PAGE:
Nationals Presumed Game One Starter Max Scherzer Sent for MRI on Hamstring (UPDATE: "Minor Tweak")

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Nationals Presumed Game One Starter Max Scherzer Sent for MRI on Hamstring (UPDATE: “Minor Tweak”)

Chicago Cubs

People don’t always believe me when I say it, but it’s absolutely true: I have mixed feelings, at most, when I hear about a key player on an opponent potentially being injured. I simply can’t root for injuries, even knowing they might help the Cubs, because I’ve seen the injury shoe on the other foot too many times.

That feels particularly true when the injury at issue is a hamstring problem for the Nationals’ ace, which doesn’t look like too much at first glance, but then we remember what has happened to Jake Arrieta this month.

Max Scherzer left the Nationals game yesterday, his final tune up before a presumed Game One NLDS start against the Cubs, after landing awkwardly on a pitch to Josh Bell (the same batter Jake Arrieta was facing when his hamstring strain occurred). He was going to throw another pitch, but stopped, and was removed from the game with what was termed a cramp at the time.

From there, he went to get a “precautionary MRI”, which may or may not show anything. If I’m a Nats fan right now, I’m very nervous, because you tend not to immediately go to get an MRI for something that you’re pretty sure is just a cramp. That said, with the playoffs this week, and Scherzer’s very next start so critical, I can understand why the team and the pitcher might jump to get an MRI much more quickly than usual.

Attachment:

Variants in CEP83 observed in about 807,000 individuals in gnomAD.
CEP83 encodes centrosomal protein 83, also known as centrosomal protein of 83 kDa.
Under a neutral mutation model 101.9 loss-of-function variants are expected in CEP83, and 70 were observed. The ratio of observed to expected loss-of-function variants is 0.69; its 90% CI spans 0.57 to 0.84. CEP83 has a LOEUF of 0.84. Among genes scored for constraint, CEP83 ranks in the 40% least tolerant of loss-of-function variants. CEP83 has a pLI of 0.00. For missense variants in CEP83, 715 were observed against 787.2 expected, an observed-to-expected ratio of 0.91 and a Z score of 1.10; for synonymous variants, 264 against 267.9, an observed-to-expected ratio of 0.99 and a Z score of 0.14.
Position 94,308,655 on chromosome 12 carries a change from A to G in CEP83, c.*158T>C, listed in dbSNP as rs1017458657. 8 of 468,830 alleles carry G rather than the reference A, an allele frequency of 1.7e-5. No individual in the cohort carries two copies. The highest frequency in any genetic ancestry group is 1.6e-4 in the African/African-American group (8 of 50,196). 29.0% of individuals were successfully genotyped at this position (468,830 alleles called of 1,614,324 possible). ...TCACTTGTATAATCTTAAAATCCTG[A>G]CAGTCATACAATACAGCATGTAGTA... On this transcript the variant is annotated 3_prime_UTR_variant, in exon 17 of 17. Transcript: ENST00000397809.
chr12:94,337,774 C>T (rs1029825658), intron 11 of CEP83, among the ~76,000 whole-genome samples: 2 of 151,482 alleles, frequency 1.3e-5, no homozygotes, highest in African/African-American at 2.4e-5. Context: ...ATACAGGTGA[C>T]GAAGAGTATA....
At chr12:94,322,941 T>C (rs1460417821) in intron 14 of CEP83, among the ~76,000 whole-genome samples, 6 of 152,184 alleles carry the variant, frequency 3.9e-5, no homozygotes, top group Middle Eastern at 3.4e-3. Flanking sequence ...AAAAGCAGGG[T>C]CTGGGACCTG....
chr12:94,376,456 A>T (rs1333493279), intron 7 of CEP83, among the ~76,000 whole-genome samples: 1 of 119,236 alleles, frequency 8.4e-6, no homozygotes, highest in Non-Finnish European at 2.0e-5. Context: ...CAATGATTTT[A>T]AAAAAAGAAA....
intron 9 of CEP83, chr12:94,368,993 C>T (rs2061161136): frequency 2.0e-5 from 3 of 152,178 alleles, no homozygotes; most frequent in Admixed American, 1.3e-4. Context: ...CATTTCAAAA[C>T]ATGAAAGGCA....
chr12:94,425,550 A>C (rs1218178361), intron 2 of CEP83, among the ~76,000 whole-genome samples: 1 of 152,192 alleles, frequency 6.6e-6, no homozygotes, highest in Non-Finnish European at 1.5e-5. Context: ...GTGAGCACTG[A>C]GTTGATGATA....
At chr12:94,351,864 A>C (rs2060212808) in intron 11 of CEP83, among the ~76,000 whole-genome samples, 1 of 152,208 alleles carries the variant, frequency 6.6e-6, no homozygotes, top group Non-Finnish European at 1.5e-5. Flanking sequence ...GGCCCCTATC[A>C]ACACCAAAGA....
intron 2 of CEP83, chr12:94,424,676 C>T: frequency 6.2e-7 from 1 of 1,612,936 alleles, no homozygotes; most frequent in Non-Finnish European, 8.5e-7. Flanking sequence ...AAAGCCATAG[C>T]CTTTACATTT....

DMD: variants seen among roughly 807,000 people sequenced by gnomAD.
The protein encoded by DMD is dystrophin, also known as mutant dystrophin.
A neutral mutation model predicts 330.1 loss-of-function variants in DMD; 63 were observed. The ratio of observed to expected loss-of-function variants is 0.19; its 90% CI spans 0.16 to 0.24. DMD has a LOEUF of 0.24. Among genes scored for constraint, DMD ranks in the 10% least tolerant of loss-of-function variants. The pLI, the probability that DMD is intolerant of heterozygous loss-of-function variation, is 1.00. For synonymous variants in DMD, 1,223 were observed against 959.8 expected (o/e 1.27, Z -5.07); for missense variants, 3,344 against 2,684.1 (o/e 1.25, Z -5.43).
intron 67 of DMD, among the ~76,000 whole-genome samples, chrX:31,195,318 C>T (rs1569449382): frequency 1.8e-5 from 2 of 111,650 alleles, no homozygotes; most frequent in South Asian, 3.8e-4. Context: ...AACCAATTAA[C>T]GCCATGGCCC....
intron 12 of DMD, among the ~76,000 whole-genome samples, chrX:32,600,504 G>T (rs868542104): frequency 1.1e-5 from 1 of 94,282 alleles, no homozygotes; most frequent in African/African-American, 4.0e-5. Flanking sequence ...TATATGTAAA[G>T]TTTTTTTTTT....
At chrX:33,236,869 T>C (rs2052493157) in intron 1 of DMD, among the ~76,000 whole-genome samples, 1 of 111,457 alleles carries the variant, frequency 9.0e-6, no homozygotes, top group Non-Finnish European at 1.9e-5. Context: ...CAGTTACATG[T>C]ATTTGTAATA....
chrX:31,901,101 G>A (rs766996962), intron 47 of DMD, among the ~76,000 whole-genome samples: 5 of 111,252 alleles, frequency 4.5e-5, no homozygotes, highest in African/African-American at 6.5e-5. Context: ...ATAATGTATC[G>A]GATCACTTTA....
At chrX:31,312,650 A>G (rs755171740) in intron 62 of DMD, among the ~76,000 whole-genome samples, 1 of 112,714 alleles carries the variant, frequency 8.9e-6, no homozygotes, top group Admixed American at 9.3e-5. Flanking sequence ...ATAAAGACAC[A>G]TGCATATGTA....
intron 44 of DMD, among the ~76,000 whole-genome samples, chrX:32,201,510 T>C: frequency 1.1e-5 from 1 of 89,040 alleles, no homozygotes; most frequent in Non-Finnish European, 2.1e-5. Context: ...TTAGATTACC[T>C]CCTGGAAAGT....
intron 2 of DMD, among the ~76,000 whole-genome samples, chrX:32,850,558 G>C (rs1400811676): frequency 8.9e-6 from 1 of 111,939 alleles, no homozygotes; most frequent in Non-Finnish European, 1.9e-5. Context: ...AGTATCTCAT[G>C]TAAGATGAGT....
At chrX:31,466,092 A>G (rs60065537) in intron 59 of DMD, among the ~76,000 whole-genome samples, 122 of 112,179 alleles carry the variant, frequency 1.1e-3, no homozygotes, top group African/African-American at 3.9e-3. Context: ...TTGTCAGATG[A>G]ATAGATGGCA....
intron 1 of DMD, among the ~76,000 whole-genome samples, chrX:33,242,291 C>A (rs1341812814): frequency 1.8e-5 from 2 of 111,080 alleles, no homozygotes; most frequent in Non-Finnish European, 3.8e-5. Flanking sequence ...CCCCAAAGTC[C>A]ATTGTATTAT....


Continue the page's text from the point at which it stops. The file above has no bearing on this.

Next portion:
(Photo by Greg Fiume/Getty Images)

So, then, as a Cubs fan, what are you thinking in this moment? Odds remain that Scherzer is fine. And even if he’s not, it’s plausible that his spot in the rotation could be shuffled, and the Nats aren’t that much worse for the wear going with Stephen Strasburg in Game One, and then Scherzer in Game Three.

If Scherzer is not fine, however, or if he suffers a re-injury in Game One, this is obviously as significant as an injury story gets. In the postseason, an ace who can dominate another team for 7 or 8 innings is the most valuable player in the sport. Scherzer, who very well may win a second straight Cy Young award, is that guy.

We will thus be watching the news on Scherzer extremely closely.

UPDATE: The results of the MRI sound kind of mixed to me:

To me, it sounds like it wasn’t a total nothing cramp situation. Moreover, although Scherzer is right that a pitcher could go in games 2 and 5 on normal rest, would the Nationals rather do that than have Stephen Strasburg go a second time on extra rest?

We’ll have more on this soon.

Author: Brett Taylor

Brett Taylor is the Editor and Lead Cubs Writer at Bleacher Nation, and you can find him on Twitter at @BleacherNation and @Brett_A_Taylor.